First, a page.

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Wine! 8 great ways to pair your wine with food.

Which wine with food? What type of wine should I order to complement my meal? We have done some research, so you don’t have to.


Wine is one of those beautiful subjects that gets more and more complex the more you research and study it. What I particularly like about it is that there are many varieties, so many wineries, and all from different countries. The choice is endless! Here in our country, we are blessed with some excellent local wineries, not to mention the wine bars and restaurants in Malta!


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Most wine is made with grapes. You can make it with apples, plums, cranberries etc, but normally, unless it says otherwise, the bottle of wine you buy at the supermarket, enjoy at the restaurant, or experience in general, is made from grapes. Those grapes are not like the ones you find in the grocery store. Wine grapes are actually smaller, sweeter and with thicker skins.


Several facets explain a wine’s unique flavor, such as acidity, sweetness, tannin and aroma of the wine. Each will combine in its own way to give a particular type its own character. Whilst obviously, the taste is of utmost importance.


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Wines not only have a variety of tastes and complexities, but also different smells, some smell like berries, and some smell like a bouquet of flowers. Personally, I like sweet wines and will shy away from reds with strong tannins and tasting like tobacco.


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If I had to be honest, sometimes I choose not to follow the rules and order a sweet Moscato d’Asti to be paired with my dinner, whatever it may be. Connoisseurs will shudder at the thought, but at the end of the day, it is not just about what enhances the flavour of the food you are eating, but also about what you enjoy. Who could possibly say no to some mulled wine during Christmas for example? Our recipe is for another time though!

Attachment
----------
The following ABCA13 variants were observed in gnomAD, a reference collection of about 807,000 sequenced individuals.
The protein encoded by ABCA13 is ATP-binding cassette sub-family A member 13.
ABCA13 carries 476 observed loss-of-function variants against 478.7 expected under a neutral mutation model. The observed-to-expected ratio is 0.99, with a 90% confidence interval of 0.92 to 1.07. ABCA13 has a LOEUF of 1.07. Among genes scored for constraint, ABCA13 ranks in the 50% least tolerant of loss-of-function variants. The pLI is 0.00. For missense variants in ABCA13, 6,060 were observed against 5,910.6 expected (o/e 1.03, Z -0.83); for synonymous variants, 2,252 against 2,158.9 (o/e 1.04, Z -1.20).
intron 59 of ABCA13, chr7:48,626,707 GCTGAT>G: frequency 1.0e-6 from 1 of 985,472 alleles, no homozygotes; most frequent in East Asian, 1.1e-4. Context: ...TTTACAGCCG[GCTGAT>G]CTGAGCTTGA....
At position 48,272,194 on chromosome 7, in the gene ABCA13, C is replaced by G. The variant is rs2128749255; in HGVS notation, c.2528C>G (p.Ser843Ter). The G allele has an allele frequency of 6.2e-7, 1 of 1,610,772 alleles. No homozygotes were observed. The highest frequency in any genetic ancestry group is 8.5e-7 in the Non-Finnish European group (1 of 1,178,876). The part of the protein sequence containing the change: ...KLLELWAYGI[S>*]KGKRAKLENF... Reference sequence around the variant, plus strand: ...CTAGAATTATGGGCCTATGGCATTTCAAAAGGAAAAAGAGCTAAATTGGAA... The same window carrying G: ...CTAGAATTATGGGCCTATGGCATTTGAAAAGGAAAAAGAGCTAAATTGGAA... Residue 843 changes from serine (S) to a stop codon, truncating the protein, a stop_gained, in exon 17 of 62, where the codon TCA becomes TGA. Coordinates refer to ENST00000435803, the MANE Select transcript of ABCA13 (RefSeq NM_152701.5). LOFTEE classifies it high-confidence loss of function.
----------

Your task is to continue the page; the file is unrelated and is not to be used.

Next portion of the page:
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Now, we are not claiming to be wine experts, but just like most of you, we like a glass (or two) every now and then, whether with our food or just by itself. So we have done some research, so you don’t have to. If you are looking for a more educated decision regarding your wine choice, we wrote this guide to help you out.


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Dry White

You may be familiar with many dry white wines such as Sauvignon Blanc or Pinot Grigio. A great choice for vegetable or vegan meals, or fish dishes. It is advisable to serve this wine at 6⁰C – 8⁰C. This type of wine would work well with cream sauce or pesto dishes. The ideal desserts for this type of wine are banana bread and vanilla pudding.


Sparkling and Champagnes

Sparkling wines include varieties such as sparkling wine, Champagne (the name applies only to wines produced in that region), prosecco and cava (produced in Spain). This wine works well with vegetarian and vegan food or pizza. My favourite pairing is with cheese. It also works really well with fish. Serve this wine at 7⁰C-9⁰C. Champagne, in particular, works well with cheese and sweet dishes.